This post is the third in a series on the book Xcode 3 Unleashed, by Fritz Anderson. I’ll wrap up the review in this post by covering both highlights of the book and suggestions for future editions.
Let’s begin with the highlights of this book, and there are many. You’ll notice from the moment you crack open the book, it’s filled with color. Not just color figures, all code examples are in color, as in, color syntax highlighting. And the colors match what you’ll find in Xcode, how cool is that?
The author does a nice job of calling out concepts that have not yet been explained, or are otherwise outside the scope of the book. You’ll find notes about points of interest based on the topic on hand, explanation of terms used that are to be covered later in the book, as well as insightful tips/tricks.
The integration of concepts into the examples is well thought out. For example, when moving from the command line version of the application to the MVC design pattern, Fritz opts to use the command line tool as is, and essentially embed the tool into another project. This is a nice approach as you get to see how to work with application bundles, targets and dependencies.
The coverage on most all topics is quite deep. This is a good thing from the perspective of the sheer volume of information available in the book. Which is a good segue into talking about areas where I think the book could be improved upon for a future edition.
Continuing the thought from above on deep coverage of information, to his credit, it’s obvious that Fritz clearly knows Xcode and development on a Mac. And on that same line of thought, this experience is used any number of times to deep dive into various topics. The downside is that unless you are experienced with Mac development, it’s easy to get lost in the details. The back cover of the book lists the "User Level" as beginner to experienced. For the former, it would be helpful to offer smaller, bite size examples to grasp concepts. More than once I found myself longing for more self-contained examples, rather than always building upon one example throughout the first section of the book.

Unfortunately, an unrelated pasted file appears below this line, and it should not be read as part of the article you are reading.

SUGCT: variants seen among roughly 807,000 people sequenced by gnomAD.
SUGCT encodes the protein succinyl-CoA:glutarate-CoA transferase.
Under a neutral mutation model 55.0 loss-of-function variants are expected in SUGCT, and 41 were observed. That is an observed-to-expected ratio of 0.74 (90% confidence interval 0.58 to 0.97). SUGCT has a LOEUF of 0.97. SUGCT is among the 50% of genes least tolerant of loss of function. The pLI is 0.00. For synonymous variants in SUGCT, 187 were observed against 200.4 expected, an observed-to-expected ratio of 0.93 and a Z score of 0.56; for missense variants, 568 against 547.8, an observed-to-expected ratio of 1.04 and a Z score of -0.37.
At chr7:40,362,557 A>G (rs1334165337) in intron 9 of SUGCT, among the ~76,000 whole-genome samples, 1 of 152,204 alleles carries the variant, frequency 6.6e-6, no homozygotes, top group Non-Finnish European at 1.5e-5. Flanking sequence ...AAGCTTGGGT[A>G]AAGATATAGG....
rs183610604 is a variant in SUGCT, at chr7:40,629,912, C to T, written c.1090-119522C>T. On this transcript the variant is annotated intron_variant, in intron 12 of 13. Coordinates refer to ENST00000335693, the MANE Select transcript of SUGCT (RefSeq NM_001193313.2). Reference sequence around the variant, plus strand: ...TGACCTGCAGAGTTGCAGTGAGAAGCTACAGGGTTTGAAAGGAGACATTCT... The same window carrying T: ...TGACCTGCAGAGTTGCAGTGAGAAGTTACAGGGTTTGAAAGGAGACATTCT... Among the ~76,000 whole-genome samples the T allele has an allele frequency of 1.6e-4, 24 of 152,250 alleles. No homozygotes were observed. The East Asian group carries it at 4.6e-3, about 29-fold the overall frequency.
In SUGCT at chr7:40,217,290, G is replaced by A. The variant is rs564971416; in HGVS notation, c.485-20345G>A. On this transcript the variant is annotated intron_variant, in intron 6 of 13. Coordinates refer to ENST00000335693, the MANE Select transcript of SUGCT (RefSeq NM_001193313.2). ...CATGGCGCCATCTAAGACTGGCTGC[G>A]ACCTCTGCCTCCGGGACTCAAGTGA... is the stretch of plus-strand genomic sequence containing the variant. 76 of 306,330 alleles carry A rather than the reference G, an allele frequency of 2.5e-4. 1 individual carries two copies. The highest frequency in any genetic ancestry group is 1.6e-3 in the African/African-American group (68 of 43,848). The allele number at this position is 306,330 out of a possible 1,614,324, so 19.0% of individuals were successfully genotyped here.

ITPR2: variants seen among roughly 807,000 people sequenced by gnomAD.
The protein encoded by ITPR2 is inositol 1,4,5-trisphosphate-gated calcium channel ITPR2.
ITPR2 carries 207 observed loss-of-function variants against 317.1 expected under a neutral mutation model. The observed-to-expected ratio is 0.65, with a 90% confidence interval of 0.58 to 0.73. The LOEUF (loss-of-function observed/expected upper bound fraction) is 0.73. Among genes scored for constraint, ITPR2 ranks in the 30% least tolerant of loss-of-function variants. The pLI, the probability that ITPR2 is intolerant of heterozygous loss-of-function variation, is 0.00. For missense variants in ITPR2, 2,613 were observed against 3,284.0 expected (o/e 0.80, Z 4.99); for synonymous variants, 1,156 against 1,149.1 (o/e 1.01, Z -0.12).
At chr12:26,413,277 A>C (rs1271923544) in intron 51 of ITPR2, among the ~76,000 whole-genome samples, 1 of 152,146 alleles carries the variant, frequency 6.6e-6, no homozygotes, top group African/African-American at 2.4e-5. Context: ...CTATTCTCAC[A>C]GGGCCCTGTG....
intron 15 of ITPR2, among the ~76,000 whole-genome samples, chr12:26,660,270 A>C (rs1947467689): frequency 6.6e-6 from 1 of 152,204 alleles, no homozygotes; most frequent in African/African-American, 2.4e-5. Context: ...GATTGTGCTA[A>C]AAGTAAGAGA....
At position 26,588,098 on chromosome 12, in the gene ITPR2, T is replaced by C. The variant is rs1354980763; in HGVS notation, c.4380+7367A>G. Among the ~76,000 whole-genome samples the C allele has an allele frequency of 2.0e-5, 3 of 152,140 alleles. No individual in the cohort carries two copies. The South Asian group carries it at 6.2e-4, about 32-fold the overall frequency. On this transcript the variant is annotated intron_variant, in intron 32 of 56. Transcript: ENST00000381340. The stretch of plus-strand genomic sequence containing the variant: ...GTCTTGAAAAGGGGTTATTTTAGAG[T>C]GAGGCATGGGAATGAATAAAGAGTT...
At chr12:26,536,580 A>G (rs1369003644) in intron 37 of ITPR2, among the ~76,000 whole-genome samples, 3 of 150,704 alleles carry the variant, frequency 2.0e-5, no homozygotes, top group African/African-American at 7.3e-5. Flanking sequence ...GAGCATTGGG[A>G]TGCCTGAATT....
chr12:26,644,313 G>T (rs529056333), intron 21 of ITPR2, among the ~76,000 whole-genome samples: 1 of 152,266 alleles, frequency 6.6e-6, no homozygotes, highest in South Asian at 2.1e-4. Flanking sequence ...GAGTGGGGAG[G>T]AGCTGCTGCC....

In Chapter 20, Navigating an Xcode Project, the author covers many of the nuances of working with the Xcode development environment. From my perspective, I would of found this much more valuable as an early chapter in the book. The reason being, since most all topics revolve around using the Xcode environment, I think a better understanding of the interface would be helpful as one goes about building projects and learning other concepts.
Although the book does a good job of integrating concepts into the examples, the one drawback is that without clear references to such information in either the Table of Contents or the index, if you ever want to come back to the topic at a later date, it can be hard to track down. This realization came about when I was reading about how to integrate one project into another (mentioned above as a highlight of the book) and when I thought about how I would find this information again in the future, I couldn’t find a reference in either the Table of Contents or the index. Not a big deal for sure, however, the little details such as this would go a long ways to make this book a good reference for the future.
Although not possible given the date of publication and the fact that the iPhone SDK is still under NDA as of this writing, and maybe more of a personal preference than a suggestion on the book as a whole, I would find it helpful to see examples that reference content specific to the iPhone. For the most part, working with Xcode is platform agnostic, however, there are examples that build upon classes such as NSDocument that are not available in the iPhone SDK. This is not to be taken as a criticism of the book, more of a thought provoking comment as how the book could evolve for a future addition.
All in all a very good book, with extensive coverage on all things Xcode. Good use of examples, quite readable (the color coded examples and figures are a nice addition) and written by someone cleary well versed on developing applications for the Mac.
I’ll wrap up this series of posts on Xcode 3 Unleashed by posting two tips that are derived from information in the book.